Initial German Experience With Transapical Implantation of a Second-Generation Transcatheter Heart Valve for the Treatment of Aortic Regurgitation
What is the initial German multicenter experience with implantation of a JenaValve transcatheter heart valve (THV) for the treatment of pure aortic regurgitation in patients at high risk for surgery?
Transcatheter aortic valve implantation (TAVI) with a JenaValve for the treatment of severe aortic regurgitation was performed in 31 patients (ages 73.8 ± 9.1 years) in nine German centers. All patients were considered high risk for surgery (logistic EuroSCORE [European System for Cardiac Operative Risk Evaluation] 23.6 ± 14.5%), according to a local heart team consensus. Procedural results and clinical outcomes up to 6 months were analyzed.
Implantation was successful in 30 of 31 cases (aortic annulus diameter 24.7 ± 1.5 mm); THV dislodgement necessitated valve-in-valve implantation in one patient. Post-procedural aortic regurgitation was none/trace in 28 of 31 and mild in 3 of 31 patients. During follow-up, two patients underwent valvular reinterventions (surgical aortic valve replacement for endocarditis, valve-in-valve implantation for increasing paravalvular regurgitation). All-cause mortality was 12.9% and 19.3% at 30 days and 6 months, respectively. In the remaining patients, a significant improvement in New York Heart Association class was observed and persisted up to 6 months after TAVI.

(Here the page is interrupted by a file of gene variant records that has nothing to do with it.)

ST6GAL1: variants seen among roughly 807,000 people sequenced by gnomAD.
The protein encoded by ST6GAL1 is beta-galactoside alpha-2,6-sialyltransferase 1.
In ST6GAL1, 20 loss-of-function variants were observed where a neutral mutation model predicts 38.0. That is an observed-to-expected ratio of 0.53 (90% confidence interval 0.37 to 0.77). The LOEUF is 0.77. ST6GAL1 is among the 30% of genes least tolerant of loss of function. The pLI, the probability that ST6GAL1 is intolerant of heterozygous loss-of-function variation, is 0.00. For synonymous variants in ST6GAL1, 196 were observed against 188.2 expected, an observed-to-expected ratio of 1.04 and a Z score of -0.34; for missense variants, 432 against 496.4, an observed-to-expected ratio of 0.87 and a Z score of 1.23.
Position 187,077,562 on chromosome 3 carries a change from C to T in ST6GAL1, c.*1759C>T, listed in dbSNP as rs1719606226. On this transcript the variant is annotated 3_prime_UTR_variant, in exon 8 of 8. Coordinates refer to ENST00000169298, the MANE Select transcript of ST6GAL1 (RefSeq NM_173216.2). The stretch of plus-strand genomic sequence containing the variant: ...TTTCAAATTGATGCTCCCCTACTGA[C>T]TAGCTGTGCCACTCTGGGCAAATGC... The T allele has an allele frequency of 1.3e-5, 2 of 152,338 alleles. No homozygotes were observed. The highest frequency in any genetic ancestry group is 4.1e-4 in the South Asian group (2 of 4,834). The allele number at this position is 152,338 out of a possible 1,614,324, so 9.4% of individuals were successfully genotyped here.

The authors concluded that the JenaValve THV was a reasonable option in this subset of patients with aortic regurgitation.
This multicenter experience suggests that the JenaValve THV may be an adequate option in patients with aortic regurgitation due to its unique stent design and fixation mechanism. The straightforward implantation technique and good acute results appear to suggest aortic regurgitation as a new indication for this device. However, a significant early noncardiac mortality related to the high-risk population emphasizes the need for careful patient selection. Continued observation and monitoring is warranted to confirm safety and durability of this device during long-term follow-up.
Clinical Topics: Cardiac Surgery, Invasive Cardiovascular Angiography and Intervention
Keywords: Endocarditis, Patient Selection, Heart Valve Prosthesis Implantation, Stents, Consensus
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